Becoming a volunteer

Why not explore this opportunity to share your skills and talents, learn about the criminal justice system and contribute to the safety of your community?

How to become a volunteer with the CSC?

Who should apply?

The CSC is committed to achieving a skilled, diversified volunteer base that reflects the cultural diversity of the Canadian population, therefore, we encourage and welcome all interested individuals to apply, including women, members of visible minority groups, Aboriginal communities and persons with a disability.

Application process

If you would like to become a volunteer with the Correctional Service of Canada, your first step is to contact the correctional institution or parole office nearest you. You will find the addresses of all institutions and parole offices in the Regions and Facilities section of this site. When you contact the institution/facility, you will be directed to the appropriate staff member responsible for volunteers and volunteer activities. If you are interested in volunteering in a faith-based volunteer project, please refer to the Chaplaincy section.

Before becoming a volunteer, you will be interviewed to ensure your suitability for volunteering in a correctional setting. A criminal records check will be conducted and fingerprints taken. All information obtained about you is kept confidential and is used only to decide whether your application should be approved. You will also need to fill out an application form to give to the institution:

Please note, you must first save the form to your computer before you can fill it out. If you have problems accessing this form, please email the volunteer contact assigned to your region:

All volunteer applicants, including one-time volunteers such as members of church choirs, guest speakers and holiday project workers, are screened. The name, address, date of birth and social insurance number of each volunteer participant must be submitted to correctional authorities at least one week in advance of the volunteer activity taking place.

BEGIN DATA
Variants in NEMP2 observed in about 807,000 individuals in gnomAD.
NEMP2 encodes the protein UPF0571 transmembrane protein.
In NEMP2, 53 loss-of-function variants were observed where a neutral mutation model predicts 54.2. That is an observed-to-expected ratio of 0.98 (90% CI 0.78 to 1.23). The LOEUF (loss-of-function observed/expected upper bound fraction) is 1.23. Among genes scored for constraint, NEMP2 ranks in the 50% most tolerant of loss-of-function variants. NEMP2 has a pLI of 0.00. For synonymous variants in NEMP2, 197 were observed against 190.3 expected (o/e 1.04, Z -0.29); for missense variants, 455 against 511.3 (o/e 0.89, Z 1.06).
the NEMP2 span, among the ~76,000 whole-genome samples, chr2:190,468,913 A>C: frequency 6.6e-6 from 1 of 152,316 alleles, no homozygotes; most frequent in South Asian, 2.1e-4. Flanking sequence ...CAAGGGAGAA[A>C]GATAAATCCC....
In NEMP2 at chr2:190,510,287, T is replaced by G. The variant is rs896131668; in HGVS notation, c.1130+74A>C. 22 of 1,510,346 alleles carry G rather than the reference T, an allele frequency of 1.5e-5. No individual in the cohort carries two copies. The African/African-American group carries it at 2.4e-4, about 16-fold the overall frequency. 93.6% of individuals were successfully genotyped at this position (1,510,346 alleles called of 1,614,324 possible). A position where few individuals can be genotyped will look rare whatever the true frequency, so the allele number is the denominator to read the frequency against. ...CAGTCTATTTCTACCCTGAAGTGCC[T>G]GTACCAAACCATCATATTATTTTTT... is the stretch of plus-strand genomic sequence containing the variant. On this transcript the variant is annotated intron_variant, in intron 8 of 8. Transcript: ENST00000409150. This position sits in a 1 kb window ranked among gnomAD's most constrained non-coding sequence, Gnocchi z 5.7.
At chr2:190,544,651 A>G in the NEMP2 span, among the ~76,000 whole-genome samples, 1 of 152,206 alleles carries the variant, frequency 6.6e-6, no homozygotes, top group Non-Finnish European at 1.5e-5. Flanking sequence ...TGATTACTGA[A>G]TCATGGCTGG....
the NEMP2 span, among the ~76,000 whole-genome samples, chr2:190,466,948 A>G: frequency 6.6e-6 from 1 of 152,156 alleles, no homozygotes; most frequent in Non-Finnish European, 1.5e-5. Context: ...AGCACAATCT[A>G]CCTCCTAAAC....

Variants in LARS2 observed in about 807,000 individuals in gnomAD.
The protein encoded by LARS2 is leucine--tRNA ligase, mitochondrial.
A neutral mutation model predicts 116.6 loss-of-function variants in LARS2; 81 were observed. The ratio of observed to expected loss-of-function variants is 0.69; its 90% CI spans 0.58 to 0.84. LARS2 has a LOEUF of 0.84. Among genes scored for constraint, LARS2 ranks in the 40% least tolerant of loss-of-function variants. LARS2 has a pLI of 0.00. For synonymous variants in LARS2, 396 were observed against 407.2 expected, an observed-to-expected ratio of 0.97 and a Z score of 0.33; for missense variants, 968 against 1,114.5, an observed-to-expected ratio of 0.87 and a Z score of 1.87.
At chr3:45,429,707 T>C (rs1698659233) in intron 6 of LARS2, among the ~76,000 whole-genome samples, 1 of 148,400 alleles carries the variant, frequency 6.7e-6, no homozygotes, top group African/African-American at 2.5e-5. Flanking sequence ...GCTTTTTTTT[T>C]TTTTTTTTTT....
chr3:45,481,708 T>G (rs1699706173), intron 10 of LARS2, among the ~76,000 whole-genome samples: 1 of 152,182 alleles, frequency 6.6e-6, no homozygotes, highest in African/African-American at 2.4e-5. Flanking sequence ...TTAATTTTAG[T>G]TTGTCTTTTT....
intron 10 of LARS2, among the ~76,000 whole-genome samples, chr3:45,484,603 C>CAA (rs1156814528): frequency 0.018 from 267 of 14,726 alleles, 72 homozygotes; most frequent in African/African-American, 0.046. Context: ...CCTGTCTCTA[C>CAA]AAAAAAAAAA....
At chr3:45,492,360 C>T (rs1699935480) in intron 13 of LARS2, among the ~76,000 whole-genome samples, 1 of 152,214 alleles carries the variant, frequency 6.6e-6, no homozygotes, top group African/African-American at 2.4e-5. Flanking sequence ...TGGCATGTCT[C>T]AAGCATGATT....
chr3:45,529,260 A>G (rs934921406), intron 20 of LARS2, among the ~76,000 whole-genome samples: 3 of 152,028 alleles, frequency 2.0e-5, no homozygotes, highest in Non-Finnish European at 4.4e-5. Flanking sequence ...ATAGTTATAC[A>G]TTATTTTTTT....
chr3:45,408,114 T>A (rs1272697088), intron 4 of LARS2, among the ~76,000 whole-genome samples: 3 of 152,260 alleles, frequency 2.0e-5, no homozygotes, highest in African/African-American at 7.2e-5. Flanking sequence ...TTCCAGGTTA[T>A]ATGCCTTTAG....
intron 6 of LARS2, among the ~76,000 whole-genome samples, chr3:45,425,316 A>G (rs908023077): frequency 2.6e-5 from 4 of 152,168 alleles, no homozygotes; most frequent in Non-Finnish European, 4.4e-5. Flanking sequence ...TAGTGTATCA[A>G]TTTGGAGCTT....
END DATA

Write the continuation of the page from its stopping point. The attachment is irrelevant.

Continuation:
What can a successful applicant expect?

Once your application has been approved and accepted, you will receive orientation on the correctional environment and training on the rights, responsibilities and roles of CSC volunteers and on the importance of following CSC policies and procedures. As a volunteer, you will find that our staff are always available to assist you. Positive and supportive relationships between staff and volunteers are encouraged.

There are many benefits to be gained from volunteer participation. By becoming a CSC volunteer, community citizens have the opportunity to gain valuable knowledge and experience in a field of great diversity and interest. Often, volunteers are more effective as role models than are CSC staff, who are seen as part of "the system". Volunteers help offenders by sharing their skills and talents and displaying the values offenders need most in order to reintegrate successfully.

The offenders who come into contact with volunteers can gain greatly from the interaction. We cannot expect that offenders will make a successful return to the community alone; they need assistance. The contributions that volunteers make provide a vital link between the correctional system, the offenders within and the community. Knowing that there are individuals who care and who are willing to freely contribute their time on their behalf can go a long way in helping offenders realize their worth as members of the community and realize their potential for successful reintegration.

CSC and its staff benefit from the great assistance volunteers provide. Having volunteers available to assist with program delivery and other important services helps staff to more effectively carry out the responsibilities associated with a correctional system. Having a community presence in the institutions and community facilities also helps to work as a go-between, and reduce feelings of opposition that can arise within a correctional system.

The community as a whole realizes the ultimate benefit and greatest reward when an offender makes a successful reintegration as a law-abiding citizen.

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